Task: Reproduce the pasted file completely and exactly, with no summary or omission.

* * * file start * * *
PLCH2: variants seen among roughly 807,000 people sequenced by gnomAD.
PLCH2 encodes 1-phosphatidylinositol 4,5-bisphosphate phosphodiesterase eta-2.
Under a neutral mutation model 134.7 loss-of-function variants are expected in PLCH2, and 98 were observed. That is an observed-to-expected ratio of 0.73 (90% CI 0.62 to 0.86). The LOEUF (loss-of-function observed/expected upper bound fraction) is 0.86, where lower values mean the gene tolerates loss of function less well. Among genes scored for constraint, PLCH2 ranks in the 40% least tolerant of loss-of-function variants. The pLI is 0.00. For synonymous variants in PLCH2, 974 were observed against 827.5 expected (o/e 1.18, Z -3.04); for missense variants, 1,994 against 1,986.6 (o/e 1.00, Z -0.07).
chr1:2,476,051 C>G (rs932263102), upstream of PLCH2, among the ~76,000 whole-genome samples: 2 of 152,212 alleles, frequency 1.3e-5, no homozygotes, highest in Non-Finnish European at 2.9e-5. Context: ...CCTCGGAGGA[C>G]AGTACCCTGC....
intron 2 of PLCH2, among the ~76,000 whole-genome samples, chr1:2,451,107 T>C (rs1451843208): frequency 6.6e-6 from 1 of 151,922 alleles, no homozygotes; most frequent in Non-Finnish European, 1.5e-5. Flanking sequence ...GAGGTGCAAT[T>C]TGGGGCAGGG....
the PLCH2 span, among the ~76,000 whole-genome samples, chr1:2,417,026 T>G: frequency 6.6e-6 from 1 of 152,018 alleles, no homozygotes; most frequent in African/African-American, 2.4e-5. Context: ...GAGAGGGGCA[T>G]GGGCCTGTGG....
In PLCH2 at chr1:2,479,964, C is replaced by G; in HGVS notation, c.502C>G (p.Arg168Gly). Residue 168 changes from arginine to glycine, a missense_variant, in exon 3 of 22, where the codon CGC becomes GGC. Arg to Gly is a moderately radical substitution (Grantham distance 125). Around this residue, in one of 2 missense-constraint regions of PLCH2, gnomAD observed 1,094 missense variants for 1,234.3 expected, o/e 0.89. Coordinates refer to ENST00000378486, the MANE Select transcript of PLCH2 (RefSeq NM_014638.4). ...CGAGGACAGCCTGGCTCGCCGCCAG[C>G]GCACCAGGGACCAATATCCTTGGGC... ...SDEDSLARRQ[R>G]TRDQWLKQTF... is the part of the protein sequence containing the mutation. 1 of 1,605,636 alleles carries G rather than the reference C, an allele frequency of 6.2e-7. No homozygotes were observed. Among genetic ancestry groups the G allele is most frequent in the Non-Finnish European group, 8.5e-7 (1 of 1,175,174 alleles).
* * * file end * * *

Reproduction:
PLCH2: variants seen among roughly 807,000 people sequenced by gnomAD.
PLCH2 encodes 1-phosphatidylinositol 4,5-bisphosphate phosphodiesterase eta-2.
Under a neutral mutation model 134.7 loss-of-function variants are expected in PLCH2, and 98 were observed. That is an observed-to-expected ratio of 0.73 (90% CI 0.62 to 0.86). The LOEUF (loss-of-function observed/expected upper bound fraction) is 0.86, where lower values mean the gene tolerates loss of function less well. Among genes scored for constraint, PLCH2 ranks in the 40% least tolerant of loss-of-function variants. The pLI is 0.00. For synonymous variants in PLCH2, 974 were observed against 827.5 expected (o/e 1.18, Z -3.04); for missense variants, 1,994 against 1,986.6 (o/e 1.00, Z -0.07).
chr1:2,476,051 C>G (rs932263102), upstream of PLCH2, among the ~76,000 whole-genome samples: 2 of 152,212 alleles, frequency 1.3e-5, no homozygotes, highest in Non-Finnish European at 2.9e-5. Context: ...CCTCGGAGGA[C>G]AGTACCCTGC....
intron 2 of PLCH2, among the ~76,000 whole-genome samples, chr1:2,451,107 T>C (rs1451843208): frequency 6.6e-6 from 1 of 151,922 alleles, no homozygotes; most frequent in Non-Finnish European, 1.5e-5. Flanking sequence ...GAGGTGCAAT[T>C]TGGGGCAGGG....
the PLCH2 span, among the ~76,000 whole-genome samples, chr1:2,417,026 T>G: frequency 6.6e-6 from 1 of 152,018 alleles, no homozygotes; most frequent in African/African-American, 2.4e-5. Context: ...GAGAGGGGCA[T>G]GGGCCTGTGG....
In PLCH2 at chr1:2,479,964, C is replaced by G; in HGVS notation, c.502C>G (p.Arg168Gly). Residue 168 changes from arginine to glycine, a missense_variant, in exon 3 of 22, where the codon CGC becomes GGC. Arg to Gly is a moderately radical substitution (Grantham distance 125). Around this residue, in one of 2 missense-constraint regions of PLCH2, gnomAD observed 1,094 missense variants for 1,234.3 expected, o/e 0.89. Coordinates refer to ENST00000378486, the MANE Select transcript of PLCH2 (RefSeq NM_014638.4). ...CGAGGACAGCCTGGCTCGCCGCCAG[C>G]GCACCAGGGACCAATATCCTTGGGC... ...SDEDSLARRQ[R>G]TRDQWLKQTF... is the part of the protein sequence containing the mutation. 1 of 1,605,636 alleles carries G rather than the reference C, an allele frequency of 6.2e-7. No homozygotes were observed. Among genetic ancestry groups the G allele is most frequent in the Non-Finnish European group, 8.5e-7 (1 of 1,175,174 alleles).